Buoyed by a sharp increase in voter registration over the past month, election officials say Maryland voters appear ready to turn out in strong -- and possibly record -- numbers on Nov. 3.
The voter registration books closed last night for the upcoming election. While the precise registration figures are still being compiled, officials are predicting sharp increases in new registrations -- which they say is a sure sign of a big turnout.
"There has been a tremendous surge in voter registration in the past month," said Gene M. Raynor, administrator of the state election board. "From all indications -- indications being calls, distribution of voter registration forms, and new registrants -- there will be a tremendous turnout. We could set a record."
State elections officials say the largest turnout of registered voters in a presidential year in Maryland occurred in 1952, when 83.5 percent of the registered voters cast bal- lots.
Mr. Raynor predicted that the number of registered voters in Maryland will be well over 2.3 million by the time all the new registrants are counted. In 1988, 2.31 million voters were registered in the state, and 76 percent turned out at the polls, Mr. Raynor said.
"I believe we're going to top all previous registrations this year," Mr. Raynor said.
Mayor Kurt L. Schmoke also predicted a strong Election Day turnout yesterday, as he pulled a red wagon into the city Election Board office. The wagon was filled with the final few thousand completed voter registration forms gathered as part of a city voter registration effort.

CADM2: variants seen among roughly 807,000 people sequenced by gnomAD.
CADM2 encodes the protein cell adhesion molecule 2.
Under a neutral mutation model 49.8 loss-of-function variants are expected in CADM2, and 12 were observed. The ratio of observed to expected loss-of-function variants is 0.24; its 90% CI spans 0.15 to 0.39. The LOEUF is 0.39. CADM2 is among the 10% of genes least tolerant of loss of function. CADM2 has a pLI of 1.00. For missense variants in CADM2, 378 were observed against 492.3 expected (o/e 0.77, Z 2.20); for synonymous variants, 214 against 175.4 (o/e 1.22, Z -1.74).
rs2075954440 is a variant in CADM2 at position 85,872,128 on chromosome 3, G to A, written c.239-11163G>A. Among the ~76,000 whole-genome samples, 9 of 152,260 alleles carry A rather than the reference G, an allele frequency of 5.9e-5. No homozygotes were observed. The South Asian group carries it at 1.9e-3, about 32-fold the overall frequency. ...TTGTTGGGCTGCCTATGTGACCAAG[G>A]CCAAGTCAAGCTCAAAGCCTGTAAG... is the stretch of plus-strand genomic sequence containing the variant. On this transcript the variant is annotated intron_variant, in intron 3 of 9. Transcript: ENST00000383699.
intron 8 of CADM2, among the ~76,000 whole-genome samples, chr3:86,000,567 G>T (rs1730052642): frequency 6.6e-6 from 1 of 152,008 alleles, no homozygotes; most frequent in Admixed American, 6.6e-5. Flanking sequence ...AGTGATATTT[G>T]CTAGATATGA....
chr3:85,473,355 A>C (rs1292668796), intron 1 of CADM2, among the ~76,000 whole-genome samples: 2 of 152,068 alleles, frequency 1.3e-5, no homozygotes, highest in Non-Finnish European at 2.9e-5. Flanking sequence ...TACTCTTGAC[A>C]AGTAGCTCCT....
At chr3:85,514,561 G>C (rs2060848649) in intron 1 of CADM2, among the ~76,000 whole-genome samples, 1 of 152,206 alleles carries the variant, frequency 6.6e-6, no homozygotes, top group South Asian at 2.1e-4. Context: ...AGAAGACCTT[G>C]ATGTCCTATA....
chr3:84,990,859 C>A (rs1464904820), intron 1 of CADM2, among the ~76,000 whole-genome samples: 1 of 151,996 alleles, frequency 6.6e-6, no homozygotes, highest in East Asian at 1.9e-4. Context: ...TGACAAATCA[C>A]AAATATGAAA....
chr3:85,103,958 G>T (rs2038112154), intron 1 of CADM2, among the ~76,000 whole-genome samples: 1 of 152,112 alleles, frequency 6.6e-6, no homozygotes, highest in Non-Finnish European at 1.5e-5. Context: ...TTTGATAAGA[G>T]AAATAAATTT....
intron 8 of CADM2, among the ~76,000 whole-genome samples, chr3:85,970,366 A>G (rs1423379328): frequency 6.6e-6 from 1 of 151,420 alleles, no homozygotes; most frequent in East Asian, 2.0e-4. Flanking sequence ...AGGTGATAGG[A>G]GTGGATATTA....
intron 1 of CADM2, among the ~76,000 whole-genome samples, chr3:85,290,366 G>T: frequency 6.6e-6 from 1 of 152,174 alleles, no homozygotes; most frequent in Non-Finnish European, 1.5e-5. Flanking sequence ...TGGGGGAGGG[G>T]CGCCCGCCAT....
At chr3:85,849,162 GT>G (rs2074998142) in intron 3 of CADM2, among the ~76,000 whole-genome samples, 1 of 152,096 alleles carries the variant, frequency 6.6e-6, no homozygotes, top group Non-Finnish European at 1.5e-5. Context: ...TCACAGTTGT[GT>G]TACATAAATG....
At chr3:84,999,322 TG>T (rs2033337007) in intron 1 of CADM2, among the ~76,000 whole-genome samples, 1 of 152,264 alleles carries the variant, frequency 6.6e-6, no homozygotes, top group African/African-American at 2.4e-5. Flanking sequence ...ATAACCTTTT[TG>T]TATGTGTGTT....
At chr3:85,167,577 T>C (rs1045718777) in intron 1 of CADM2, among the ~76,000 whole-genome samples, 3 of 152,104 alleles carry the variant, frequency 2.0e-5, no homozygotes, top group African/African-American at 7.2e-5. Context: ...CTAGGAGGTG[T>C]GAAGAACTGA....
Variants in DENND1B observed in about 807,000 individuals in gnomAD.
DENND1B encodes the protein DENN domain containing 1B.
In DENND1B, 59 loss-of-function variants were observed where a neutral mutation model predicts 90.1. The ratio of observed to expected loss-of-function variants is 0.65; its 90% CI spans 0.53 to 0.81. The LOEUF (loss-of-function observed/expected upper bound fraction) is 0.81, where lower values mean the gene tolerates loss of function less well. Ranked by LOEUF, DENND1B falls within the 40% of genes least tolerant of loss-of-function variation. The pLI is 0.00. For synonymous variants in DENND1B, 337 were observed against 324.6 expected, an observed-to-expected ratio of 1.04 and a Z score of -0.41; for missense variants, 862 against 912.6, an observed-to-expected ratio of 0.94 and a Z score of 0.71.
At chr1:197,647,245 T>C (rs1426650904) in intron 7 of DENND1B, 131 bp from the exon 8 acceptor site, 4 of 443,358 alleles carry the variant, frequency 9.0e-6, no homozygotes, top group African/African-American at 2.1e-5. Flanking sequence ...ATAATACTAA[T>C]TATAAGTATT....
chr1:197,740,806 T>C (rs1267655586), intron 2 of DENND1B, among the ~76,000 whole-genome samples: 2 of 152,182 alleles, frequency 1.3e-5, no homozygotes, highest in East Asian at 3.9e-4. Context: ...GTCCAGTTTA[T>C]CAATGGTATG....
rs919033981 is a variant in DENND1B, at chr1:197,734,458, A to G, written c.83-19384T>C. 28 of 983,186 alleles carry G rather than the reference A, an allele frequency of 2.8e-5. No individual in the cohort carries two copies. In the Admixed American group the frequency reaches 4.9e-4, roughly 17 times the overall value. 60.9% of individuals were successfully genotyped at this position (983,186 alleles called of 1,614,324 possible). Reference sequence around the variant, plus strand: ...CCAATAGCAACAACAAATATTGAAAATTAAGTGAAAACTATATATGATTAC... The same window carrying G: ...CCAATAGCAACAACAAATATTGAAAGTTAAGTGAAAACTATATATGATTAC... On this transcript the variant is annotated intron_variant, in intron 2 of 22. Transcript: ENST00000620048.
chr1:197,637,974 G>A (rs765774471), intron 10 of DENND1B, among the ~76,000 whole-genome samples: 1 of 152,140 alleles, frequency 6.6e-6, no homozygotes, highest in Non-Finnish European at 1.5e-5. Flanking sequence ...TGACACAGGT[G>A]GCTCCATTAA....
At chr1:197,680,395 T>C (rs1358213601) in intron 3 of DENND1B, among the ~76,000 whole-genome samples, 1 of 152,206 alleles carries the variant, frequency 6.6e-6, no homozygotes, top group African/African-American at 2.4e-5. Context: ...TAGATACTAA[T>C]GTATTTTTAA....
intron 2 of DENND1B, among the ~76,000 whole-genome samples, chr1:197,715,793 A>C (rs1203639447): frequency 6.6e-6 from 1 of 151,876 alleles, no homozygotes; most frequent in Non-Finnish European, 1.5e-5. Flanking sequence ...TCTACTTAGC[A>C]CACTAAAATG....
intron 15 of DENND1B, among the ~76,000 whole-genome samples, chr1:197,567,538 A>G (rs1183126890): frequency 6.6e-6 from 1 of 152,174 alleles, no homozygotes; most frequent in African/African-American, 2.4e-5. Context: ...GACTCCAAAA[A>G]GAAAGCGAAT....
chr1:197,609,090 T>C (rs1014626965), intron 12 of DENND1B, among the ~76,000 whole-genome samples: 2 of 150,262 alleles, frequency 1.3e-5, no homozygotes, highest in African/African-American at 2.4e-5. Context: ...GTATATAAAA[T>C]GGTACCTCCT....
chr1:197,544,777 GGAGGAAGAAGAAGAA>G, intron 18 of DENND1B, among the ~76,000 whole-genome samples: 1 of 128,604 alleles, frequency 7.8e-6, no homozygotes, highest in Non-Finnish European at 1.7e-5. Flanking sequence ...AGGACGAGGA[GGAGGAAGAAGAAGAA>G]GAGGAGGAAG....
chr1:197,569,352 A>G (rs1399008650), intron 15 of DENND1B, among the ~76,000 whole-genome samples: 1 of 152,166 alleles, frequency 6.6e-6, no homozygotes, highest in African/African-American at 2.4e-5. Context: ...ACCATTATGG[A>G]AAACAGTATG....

"There are a lot of people hurting," Mr. Schmoke said in explaining the success of the campaign. "They want to make a change. They feel they can have an impact by registering to vote."
Mr. Schmoke, who is a strong backer of Gov. Bill Clinton, the Democratic presidential nominee, said that the city's voter registration effort has produced about 30,000 new registered voters in the past two months. Most of the new registrants are Democrats, who outnumber Republicans in Baltimore by about 9-1. Statewide, Democrats outnumber Republicans by about 2-1.
Mr. Schmoke vowed that his political workers and others -- including members of civic and other political groups -- will go "door-to-door and block-by-block" to generate a strong turnout on Election Day.
The voter registration effort was an attempt to recover some of the approximately 119,000 names purged from the city's voter rolls since 1984. Most of those were removed for failure to vote in any election for five consecutive years.
In 1984, the city had 424,744 registered voters -- a high water mark for many years. By late last summer, the total had fallen to 305,000, said Barbara E. Jackson, the city's election board administrator.
She estimated that with the new registrants, the city's voter rolls will rise to about 340,000. A final pre-election tally will be available in a couple of weeks, she said.
Even if the number of new registrants swells the voting rolls to 340,000 as Ms. Jackson predicts, the total still will be less than the 368,000 people who were eligible to vote in the 1988 election. That year about 60 percent of the city's registered voters turned out to vote.
In Prince George's County, officials say that new voters were registering at a rate of 1,000 per day for the past month. The result is a new record for voter registration in the county: 310,000.
The outpouring of new registrants is being fueled by the presidential showdown between Mr. Clinton and President Bush and the state's abortion referendum, elections officials said.